Systematization: The Path to an Error-Free Process
Web Menus: Giving new meaning to complexity!
Problems inherent in porting menus from applications to documents
Menus are traditionally scaleable and hierarchical navigation structures used in software applications to streamline the user's search for functions that are not obvious. Programming applications with menus is rarely a problem because the vast majority of object oriented software development platforms are largely scale free languages that assume few restrictive boundaries.
It is all too easy to forget that a page published on the internet is only a web document and not a web application. To the visitor, such pages are external in origin and therefore should be allowed no liberty to run code on internal computer systems prior to three days quarantine and scanning with the latest anti-virus package. This lack of trust that is the inevitable consequence of free will, sets severe limitations on what can be expected from a page published on the internet. You can be certain that as long as human beings have free will, then the whole concept of web (based) applications is as absurd as the concept of giving master keys to everyone! Thus in all appropriateness, a page on the internet will never be anything more than a web document.
A document is a different entity to an application. Applications run with far fewer limitations because they can operate under conditions of reasonable trust. As this is not possible for web documents, the task of porting a hierarchical system from a scaleable application platform to a very limited document platform has problems of its own. To begin with, sub-menus often require code that can only function as part of an application. Size limitations as they apply to web pages can make it impractical to have more than one level of menu hierarchy (unless you want to wind up with web pages that owe more than 75% of their load time to the web menu!) Then there is the complexity of the menu structure itself; comprising a well defined hierarchy with its own metadata. There is currently only one HTML structure that is remotely capable of representing such hierarchies. Web menus are possible, but only when HTML is combined with some of the advanced formatting methods of CSS 2.0. The task however, of combining two relatively simple formatting methodologies to produce a complex and intricate format is riddled with pitfalls.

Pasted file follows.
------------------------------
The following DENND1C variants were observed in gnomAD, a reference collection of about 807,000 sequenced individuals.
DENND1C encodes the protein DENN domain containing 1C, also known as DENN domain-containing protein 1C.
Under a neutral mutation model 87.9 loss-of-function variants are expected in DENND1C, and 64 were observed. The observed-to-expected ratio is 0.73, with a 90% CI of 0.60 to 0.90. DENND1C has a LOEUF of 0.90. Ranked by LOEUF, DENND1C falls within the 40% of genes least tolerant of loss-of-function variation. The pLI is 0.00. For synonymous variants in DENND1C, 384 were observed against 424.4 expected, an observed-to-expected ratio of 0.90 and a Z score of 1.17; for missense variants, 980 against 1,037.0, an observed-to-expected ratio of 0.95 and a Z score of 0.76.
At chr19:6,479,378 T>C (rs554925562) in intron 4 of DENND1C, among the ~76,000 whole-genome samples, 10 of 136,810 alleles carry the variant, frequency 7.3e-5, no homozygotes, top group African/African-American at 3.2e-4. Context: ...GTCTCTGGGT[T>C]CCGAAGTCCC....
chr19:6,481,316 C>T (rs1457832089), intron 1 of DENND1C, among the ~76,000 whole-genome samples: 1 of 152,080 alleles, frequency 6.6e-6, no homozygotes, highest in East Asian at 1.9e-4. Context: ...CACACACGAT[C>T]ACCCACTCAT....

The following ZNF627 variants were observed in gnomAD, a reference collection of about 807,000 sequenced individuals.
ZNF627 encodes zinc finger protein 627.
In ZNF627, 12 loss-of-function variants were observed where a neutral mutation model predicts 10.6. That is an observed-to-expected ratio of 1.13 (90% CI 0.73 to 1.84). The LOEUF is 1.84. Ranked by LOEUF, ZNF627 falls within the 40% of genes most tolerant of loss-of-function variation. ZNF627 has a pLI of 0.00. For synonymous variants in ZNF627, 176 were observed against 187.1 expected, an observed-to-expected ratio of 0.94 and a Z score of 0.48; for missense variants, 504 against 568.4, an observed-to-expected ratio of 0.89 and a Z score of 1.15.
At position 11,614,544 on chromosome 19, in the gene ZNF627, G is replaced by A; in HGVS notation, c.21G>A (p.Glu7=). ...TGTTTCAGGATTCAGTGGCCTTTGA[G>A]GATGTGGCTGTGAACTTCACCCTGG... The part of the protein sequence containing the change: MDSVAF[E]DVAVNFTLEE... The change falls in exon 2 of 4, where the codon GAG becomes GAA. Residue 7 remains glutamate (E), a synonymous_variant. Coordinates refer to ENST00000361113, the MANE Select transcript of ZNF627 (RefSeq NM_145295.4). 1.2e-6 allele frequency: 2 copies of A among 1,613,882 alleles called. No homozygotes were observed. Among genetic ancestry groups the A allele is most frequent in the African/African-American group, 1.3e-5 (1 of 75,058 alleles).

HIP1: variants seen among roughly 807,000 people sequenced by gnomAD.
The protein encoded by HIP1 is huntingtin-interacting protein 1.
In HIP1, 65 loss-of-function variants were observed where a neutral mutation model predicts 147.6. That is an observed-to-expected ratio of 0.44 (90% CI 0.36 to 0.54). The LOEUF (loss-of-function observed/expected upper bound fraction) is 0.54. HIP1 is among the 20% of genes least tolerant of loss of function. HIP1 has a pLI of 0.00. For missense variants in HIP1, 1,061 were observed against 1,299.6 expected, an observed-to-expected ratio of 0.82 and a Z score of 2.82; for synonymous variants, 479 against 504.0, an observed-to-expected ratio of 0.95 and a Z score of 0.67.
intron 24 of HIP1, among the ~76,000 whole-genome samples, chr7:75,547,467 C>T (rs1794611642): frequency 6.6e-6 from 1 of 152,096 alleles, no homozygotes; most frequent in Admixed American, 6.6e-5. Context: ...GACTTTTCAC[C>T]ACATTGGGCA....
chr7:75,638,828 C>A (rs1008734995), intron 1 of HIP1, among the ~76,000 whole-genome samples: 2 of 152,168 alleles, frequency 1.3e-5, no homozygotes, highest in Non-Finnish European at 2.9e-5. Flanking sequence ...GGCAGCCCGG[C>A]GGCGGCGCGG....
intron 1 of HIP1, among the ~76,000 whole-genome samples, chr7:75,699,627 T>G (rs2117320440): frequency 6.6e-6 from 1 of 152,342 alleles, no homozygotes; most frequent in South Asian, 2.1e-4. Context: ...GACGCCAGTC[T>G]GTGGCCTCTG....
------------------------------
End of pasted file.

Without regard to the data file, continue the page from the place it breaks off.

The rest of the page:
Market Segmentation, Double Standards, & Forked Code
As if the difficulties of reliably marking up web menus is not enough, browser developers all have unique interpretations of what the combination of CSS and HTML are intended to produce. Internet Explorer 6 fails to recognise many of the features of CSS 2.0, while browsers using the Open Source Gecko engine cannot distinguish the head link of a web menu from the rest of the links on the menu. Opera browsers interpret the positioning of menus differently from Gecko & Microsoft; and everybody involved is convinced that they are right and the rest of the world is wrong! Web developers marking up menus for their site must do so to multiple interpretations of at least two standards and their interaction - and remember to do so comprehensively for every new update they make to their menu system.
All this amounts to enormous maintenance overheads relative to the fairly minor footprint that a good navigation system leaves on a web site. There is a light at the end of the tunnel, and it is not an approaching main battle tank!
Web Sergeant's fine art of automating the forgettable details
Systematization is a fairly new administrative process that uses the formal application of rigid procedures to ensure that no vital actions or questions are overlooked. ISO Standards Accreditation is an example of both systematization (in the process) and the recognition (in the award) of an organisation's own internal systematization of quality control. Web Sergeant takes the process of systematization and applies it to ensure that the web menus built by the user actually work, are error free, and that no vital compatibility coding is forgotten. If you want an easy way to set up and maintain web menus without the accompanying quality control issues, then Web Sergeant is for you!
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